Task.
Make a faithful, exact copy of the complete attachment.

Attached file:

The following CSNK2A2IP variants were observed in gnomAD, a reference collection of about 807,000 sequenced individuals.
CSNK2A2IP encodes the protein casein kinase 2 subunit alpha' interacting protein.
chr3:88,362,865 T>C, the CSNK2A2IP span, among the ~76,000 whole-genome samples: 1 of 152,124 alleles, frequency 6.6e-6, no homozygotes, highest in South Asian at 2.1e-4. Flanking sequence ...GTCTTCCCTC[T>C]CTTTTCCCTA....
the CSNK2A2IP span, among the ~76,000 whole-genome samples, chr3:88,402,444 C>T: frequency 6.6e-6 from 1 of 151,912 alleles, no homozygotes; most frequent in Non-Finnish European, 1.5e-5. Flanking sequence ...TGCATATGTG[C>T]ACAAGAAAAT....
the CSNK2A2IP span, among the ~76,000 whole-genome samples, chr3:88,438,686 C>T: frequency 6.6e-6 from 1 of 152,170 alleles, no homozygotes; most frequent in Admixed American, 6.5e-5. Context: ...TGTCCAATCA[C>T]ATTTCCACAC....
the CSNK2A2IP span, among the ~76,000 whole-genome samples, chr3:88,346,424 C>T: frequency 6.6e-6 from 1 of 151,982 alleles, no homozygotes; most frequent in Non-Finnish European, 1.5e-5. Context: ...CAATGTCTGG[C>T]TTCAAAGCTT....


The following CSNK2A2IP variants were observed in gnomAD, a reference collection of about 807,000 sequenced individuals.
CSNK2A2IP encodes the protein casein kinase 2 subunit alpha' interacting protein.
chr3:88,362,865 T>C, the CSNK2A2IP span, among the ~76,000 whole-genome samples: 1 of 152,124 alleles, frequency 6.6e-6, no homozygotes, highest in South Asian at 2.1e-4. Flanking sequence ...GTCTTCCCTC[T>C]CTTTTCCCTA....
the CSNK2A2IP span, among the ~76,000 whole-genome samples, chr3:88,402,444 C>T: frequency 6.6e-6 from 1 of 151,912 alleles, no homozygotes; most frequent in Non-Finnish European, 1.5e-5. Flanking sequence ...TGCATATGTG[C>T]ACAAGAAAAT....
the CSNK2A2IP span, among the ~76,000 whole-genome samples, chr3:88,438,686 C>T: frequency 6.6e-6 from 1 of 152,170 alleles, no homozygotes; most frequent in Admixed American, 6.5e-5. Context: ...TGTCCAATCA[C>T]ATTTCCACAC....
the CSNK2A2IP span, among the ~76,000 whole-genome samples, chr3:88,346,424 C>T: frequency 6.6e-6 from 1 of 151,982 alleles, no homozygotes; most frequent in Non-Finnish European, 1.5e-5. Context: ...CAATGTCTGG[C>T]TTCAAAGCTT....